The conference seeks to explore the viability of the notion of an international attribution mechanism; its possible structure, authority, process, and scope of consideration; and the role that such a mechanism could play in light of the legal framework governing cyber operations. It tests the research hypothesis that a credible attribution process, the findings of which can be publically relied upon, could facilitate the policy option of responding to hostile cyber-operations in a manner that is lawful and politically legitimate. In the same vein, it is arguable that a robust and credible attribution mechanism would also foster accountability in international law and politics for acts and omissions that are inconsistent with States’ legal obligations under the international law governing cyber operations. The conference proceedings, will include the assessment of case studies of past attempts to attribute unlawful cyber operations, comparative review of parallel fields of law in which attribution problems arise and the manner in which attribution is dealt with in them, review of the literature on attribution mechanisms and discussions with policy-makers.
The three organizers of the conference are Professor Yuval Shany (the Hersch Lauterpacht Chair in Public International Law at Hebrew University), Professor Michael N Schmitt (Chair of Public International Law at Exeter University and general editor of the Tallinn Manuals) and Prof. Paul Ducheine (University of Amsterdam and Netherlands Defense Academy).
June 5th – 21:00-23:00
Cocktail Meeting at the Inntel Hotel Rotterdam – Waterfront Restaurant
09:00 – Gathering and Introduction
09:15-10:30 – Panel I: The Attribution Problem: Legal Dimensions
Ashley Deeks, University of Virginia School of Law – Legal Dimensions of the Cyber Attribution Problem
Discussant: Yael Ronen, The Hebrew University of Jerusalem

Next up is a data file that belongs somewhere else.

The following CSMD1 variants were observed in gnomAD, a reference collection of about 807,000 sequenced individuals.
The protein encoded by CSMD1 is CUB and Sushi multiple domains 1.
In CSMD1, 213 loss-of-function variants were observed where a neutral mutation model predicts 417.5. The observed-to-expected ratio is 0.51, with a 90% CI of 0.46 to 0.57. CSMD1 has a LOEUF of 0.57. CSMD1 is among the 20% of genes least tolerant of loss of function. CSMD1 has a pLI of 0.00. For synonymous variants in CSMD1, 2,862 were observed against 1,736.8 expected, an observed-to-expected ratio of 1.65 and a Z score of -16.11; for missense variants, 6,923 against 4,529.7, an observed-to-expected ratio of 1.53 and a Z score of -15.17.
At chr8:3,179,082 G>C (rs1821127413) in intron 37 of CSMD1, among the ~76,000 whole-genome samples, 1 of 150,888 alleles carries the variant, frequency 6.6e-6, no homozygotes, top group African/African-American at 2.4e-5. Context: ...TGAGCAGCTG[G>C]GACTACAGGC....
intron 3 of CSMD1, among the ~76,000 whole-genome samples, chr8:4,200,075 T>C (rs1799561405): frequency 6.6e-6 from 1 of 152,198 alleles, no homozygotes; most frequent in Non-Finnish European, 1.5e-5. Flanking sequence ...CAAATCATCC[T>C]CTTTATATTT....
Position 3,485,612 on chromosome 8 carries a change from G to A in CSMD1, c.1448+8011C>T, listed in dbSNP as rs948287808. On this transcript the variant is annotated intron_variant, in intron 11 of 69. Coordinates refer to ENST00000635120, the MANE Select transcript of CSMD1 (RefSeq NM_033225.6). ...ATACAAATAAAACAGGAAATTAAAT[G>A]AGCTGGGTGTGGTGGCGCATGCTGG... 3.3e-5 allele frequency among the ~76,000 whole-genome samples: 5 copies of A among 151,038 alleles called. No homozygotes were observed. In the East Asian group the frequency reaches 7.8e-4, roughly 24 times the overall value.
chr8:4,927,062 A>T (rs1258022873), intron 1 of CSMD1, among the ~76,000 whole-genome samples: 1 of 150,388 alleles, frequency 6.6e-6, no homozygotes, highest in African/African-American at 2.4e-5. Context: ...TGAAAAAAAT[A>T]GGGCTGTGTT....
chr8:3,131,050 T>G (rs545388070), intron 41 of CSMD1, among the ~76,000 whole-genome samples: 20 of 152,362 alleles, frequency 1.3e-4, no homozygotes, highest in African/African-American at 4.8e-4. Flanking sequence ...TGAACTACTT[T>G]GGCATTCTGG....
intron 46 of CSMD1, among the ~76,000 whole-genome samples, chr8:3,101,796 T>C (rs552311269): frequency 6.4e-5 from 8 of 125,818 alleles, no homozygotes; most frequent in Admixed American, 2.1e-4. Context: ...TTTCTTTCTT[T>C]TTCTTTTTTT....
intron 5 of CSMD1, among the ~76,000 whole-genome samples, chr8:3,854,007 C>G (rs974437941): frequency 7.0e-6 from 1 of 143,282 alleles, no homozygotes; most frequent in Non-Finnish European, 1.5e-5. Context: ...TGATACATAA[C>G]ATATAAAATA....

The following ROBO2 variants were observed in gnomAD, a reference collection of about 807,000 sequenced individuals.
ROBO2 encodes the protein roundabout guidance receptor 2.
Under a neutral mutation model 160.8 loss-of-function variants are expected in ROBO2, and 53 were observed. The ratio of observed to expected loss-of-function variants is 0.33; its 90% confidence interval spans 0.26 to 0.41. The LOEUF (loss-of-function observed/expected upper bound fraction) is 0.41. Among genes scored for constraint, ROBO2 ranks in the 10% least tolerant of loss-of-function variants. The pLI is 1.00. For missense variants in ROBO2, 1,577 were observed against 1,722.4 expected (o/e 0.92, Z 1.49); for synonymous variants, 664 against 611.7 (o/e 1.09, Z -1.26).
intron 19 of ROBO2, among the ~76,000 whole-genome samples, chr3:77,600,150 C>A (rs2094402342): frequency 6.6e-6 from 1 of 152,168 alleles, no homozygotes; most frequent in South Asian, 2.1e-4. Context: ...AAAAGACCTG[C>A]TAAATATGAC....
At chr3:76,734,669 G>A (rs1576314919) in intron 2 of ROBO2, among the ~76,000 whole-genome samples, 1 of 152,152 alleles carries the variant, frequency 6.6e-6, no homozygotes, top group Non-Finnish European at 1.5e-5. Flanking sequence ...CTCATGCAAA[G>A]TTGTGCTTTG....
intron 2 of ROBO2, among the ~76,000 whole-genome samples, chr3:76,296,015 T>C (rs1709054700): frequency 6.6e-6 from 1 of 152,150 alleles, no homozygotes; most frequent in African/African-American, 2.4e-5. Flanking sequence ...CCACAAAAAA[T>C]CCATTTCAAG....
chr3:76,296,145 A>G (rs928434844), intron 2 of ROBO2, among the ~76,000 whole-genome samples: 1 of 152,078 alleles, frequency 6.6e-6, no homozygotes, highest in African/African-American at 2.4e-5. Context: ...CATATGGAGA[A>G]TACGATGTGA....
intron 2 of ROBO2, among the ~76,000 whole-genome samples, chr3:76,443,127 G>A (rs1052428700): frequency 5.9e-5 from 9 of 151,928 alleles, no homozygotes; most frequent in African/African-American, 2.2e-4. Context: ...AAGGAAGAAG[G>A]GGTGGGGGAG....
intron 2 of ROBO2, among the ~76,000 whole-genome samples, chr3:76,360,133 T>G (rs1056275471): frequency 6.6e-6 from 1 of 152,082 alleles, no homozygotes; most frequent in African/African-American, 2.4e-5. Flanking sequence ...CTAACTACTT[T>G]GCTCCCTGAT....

10:30-10:45 – Coffee Break
10:45-12:00 – Panel II: Lessons Learned From Past Attribution Attempts
Jack Kenny, The Hebrew University of Jerusalem – The Prospects for an International Attribution Mechanism for Cyber Operations: Lessons Learned from Past Attribution Attempts
Jon Ford, FireEye Mandiant – HUman Network Targeting (HUNT): Lessons in Attribution
Liis Vihul, Cyber Law International – How Are Public Attributions of Cyber Operations Shaping the Normative Regime of Cyberspace?
12:00 – Lunch
13:30-14:45 – Panel III: Comparative Attribution Models
Dan Efrony, The Hebrew University of Jerusalem – An International Attribution Mechanism – Is It Required? Is It Practical?
Duncan B. Hollis, Temple University School of Law – Beyond Naming and Shaming: Accusations and International Law in Global Cybersecurity
John Davis, Google – Options for an International Cyber Attribution Organization
14:45-15:15 – Coffee Break
18:00 – Dinner at the Euromast Restaurant (Parkhaven 20, 3016 GM Rotterdam)
Gert Ras, Team High Tech Crime (NLD Police)
Isabella Brunner, Bundeswehr University Munich
Karine Bannelier, Grenoble Alpes University
Marjolein Busstra, Dutch Ministry of Foreign Affairs
Michael Cohen-Ad, The Hebrew University of Jerusalem
Nimrod Karin, The Hebrew University of Jerusalem
Ronald Prins, Member of the TIB, the Kiesraad and Associate member of the Dutch Safety Board.
Steven Hill, Legal Adviser and Director of the Office of Legal Affairs at NATO
Terry Gill, University of Amsterdam
Theodore Christakis, Grenoble Alpes University
Thibault Moulin, The Hebrew University of Jerusalem